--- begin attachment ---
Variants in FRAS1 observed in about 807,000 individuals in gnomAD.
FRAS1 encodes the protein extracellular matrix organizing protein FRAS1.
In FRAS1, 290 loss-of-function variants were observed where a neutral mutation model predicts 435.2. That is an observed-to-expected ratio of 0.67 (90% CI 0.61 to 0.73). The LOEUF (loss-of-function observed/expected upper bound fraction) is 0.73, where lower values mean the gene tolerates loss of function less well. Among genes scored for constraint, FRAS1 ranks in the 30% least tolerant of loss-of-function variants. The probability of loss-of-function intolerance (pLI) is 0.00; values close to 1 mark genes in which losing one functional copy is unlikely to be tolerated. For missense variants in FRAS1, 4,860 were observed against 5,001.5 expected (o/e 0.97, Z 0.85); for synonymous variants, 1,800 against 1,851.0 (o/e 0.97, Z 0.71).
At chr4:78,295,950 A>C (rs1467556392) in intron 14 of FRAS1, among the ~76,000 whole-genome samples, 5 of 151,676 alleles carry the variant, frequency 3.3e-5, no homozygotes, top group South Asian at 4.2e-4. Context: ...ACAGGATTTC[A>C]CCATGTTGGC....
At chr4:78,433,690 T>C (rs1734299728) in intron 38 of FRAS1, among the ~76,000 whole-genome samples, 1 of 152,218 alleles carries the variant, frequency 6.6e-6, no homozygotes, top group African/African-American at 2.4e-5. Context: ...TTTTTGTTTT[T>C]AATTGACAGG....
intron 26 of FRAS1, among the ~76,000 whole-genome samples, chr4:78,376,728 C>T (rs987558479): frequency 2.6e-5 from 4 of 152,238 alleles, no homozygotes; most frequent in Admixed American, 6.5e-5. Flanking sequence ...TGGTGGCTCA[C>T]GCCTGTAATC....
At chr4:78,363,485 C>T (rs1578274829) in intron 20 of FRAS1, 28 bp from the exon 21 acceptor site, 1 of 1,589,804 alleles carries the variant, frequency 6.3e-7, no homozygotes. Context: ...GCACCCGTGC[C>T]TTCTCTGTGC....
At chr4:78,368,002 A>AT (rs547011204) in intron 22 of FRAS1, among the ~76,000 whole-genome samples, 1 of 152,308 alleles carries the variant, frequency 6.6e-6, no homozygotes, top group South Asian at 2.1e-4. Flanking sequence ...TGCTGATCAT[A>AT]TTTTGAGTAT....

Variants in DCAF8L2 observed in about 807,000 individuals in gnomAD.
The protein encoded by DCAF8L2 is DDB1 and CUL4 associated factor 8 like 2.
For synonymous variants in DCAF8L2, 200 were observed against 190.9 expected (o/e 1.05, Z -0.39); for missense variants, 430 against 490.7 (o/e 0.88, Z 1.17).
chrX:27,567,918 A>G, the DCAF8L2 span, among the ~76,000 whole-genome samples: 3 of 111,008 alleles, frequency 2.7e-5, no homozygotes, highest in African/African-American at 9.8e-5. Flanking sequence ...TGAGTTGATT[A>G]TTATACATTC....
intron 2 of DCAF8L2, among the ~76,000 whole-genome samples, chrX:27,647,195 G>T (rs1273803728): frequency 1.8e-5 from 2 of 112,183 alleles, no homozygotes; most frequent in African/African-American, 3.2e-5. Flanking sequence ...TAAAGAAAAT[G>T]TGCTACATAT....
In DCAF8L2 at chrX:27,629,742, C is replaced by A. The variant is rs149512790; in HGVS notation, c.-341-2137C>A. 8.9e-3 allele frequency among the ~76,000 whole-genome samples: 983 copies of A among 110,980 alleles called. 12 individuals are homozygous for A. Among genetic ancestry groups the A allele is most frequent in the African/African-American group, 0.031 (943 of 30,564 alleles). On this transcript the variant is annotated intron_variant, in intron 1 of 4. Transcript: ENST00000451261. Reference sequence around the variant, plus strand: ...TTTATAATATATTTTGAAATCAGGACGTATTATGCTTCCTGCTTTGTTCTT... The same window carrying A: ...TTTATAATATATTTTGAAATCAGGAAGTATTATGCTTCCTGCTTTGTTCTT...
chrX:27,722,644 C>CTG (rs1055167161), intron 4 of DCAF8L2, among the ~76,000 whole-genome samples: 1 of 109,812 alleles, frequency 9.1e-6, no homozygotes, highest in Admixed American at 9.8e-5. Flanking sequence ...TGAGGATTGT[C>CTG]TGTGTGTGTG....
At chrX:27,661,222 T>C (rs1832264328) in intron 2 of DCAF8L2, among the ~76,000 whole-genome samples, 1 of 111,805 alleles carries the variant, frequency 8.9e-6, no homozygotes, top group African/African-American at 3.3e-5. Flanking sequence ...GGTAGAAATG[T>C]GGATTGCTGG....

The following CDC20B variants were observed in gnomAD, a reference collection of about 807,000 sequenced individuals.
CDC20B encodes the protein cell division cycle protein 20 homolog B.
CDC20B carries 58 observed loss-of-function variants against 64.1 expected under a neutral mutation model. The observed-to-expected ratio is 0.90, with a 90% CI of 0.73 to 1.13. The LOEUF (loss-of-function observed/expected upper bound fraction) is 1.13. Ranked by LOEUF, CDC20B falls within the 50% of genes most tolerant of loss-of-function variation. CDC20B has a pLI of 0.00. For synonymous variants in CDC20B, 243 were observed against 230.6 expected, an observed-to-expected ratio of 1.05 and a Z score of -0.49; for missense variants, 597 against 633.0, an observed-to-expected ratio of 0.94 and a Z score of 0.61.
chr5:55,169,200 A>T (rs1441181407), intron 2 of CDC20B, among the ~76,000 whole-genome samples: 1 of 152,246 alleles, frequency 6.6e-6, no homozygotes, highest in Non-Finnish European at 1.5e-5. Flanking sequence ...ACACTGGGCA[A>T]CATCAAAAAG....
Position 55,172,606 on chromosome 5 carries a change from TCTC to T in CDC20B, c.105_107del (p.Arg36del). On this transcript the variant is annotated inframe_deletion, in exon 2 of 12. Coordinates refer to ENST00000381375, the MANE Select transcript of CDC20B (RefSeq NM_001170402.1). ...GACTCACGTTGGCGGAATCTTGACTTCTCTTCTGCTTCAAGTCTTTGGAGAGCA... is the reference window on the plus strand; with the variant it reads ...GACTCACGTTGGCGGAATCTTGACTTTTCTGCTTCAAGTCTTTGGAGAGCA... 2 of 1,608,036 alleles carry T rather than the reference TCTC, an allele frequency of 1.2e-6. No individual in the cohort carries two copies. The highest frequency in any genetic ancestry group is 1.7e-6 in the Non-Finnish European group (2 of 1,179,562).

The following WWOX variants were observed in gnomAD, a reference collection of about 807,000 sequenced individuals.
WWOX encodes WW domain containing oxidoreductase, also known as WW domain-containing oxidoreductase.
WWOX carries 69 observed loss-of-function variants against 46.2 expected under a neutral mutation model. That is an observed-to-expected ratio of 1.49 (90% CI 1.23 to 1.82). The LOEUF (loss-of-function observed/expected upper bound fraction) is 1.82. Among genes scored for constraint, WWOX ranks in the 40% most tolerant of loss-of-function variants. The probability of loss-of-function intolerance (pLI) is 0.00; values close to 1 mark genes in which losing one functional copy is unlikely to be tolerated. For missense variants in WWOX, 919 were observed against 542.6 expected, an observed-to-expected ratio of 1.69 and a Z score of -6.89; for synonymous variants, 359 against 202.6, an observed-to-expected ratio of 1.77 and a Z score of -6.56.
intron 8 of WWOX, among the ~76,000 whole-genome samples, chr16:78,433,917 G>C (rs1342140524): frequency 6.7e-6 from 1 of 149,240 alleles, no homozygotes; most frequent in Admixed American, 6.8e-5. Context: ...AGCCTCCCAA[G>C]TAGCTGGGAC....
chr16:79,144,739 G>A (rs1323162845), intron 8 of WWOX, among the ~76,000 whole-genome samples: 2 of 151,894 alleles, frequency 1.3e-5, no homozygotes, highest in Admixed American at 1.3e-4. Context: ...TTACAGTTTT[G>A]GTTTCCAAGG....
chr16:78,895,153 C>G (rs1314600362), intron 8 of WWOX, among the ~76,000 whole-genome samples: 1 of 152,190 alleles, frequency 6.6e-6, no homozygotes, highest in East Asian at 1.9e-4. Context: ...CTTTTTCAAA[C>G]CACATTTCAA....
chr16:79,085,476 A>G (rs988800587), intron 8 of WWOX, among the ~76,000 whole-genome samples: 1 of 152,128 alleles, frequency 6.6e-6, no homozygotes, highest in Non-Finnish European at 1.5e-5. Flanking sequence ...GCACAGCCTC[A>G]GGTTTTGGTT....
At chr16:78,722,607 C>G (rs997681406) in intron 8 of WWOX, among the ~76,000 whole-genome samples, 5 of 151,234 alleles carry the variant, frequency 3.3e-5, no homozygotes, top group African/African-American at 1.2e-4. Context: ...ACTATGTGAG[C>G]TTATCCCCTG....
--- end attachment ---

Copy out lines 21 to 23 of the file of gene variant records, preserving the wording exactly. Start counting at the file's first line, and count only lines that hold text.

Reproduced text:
Position 55,172,606 on chromosome 5 carries a change from TCTC to T in CDC20B, c.105_107del (p.Arg36del). On this transcript the variant is annotated inframe_deletion, in exon 2 of 12. Coordinates refer to ENST00000381375, the MANE Select transcript of CDC20B (RefSeq NM_001170402.1). ...GACTCACGTTGGCGGAATCTTGACTTCTCTTCTGCTTCAAGTCTTTGGAGAGCA... is the reference window on the plus strand; with the variant it reads ...GACTCACGTTGGCGGAATCTTGACTTTTCTGCTTCAAGTCTTTGGAGAGCA... 2 of 1,608,036 alleles carry T rather than the reference TCTC, an allele frequency of 1.2e-6. No individual in the cohort carries two copies. The highest frequency in any genetic ancestry group is 1.7e-6 in the Non-Finnish European group (2 of 1,179,562).

The following WWOX variants were observed in gnomAD, a reference collection of about 807,000 sequenced individuals.
WWOX encodes WW domain containing oxidoreductase, also known as WW domain-containing oxidoreductase.